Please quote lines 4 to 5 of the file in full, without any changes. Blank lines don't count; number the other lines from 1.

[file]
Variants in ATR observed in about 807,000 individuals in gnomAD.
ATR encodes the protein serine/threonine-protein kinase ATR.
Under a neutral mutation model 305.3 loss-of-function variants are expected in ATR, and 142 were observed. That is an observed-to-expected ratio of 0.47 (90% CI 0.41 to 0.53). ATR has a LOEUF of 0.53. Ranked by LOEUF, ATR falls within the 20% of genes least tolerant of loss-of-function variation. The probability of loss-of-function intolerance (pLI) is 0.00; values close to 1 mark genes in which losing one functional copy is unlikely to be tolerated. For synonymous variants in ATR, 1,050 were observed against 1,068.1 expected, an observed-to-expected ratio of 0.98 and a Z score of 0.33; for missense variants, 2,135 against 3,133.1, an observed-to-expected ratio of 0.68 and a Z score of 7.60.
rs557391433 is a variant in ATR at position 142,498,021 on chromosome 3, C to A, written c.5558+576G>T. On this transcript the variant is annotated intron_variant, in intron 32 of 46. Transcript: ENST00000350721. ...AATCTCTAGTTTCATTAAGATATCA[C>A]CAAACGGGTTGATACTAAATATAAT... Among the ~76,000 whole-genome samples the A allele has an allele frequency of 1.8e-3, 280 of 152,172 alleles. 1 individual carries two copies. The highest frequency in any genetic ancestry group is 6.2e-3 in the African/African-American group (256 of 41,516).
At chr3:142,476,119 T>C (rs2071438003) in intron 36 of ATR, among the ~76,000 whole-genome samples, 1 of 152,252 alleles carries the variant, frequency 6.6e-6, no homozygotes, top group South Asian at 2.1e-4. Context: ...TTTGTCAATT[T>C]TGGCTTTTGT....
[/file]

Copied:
rs557391433 is a variant in ATR at position 142,498,021 on chromosome 3, C to A, written c.5558+576G>T. On this transcript the variant is annotated intron_variant, in intron 32 of 46. Transcript: ENST00000350721. ...AATCTCTAGTTTCATTAAGATATCA[C>A]CAAACGGGTTGATACTAAATATAAT... Among the ~76,000 whole-genome samples the A allele has an allele frequency of 1.8e-3, 280 of 152,172 alleles. 1 individual carries two copies. The highest frequency in any genetic ancestry group is 6.2e-3 in the African/African-American group (256 of 41,516).
At chr3:142,476,119 T>C (rs2071438003) in intron 36 of ATR, among the ~76,000 whole-genome samples, 1 of 152,252 alleles carries the variant, frequency 6.6e-6, no homozygotes, top group South Asian at 2.1e-4. Context: ...TTTGTCAATT[T>C]TGGCTTTTGT....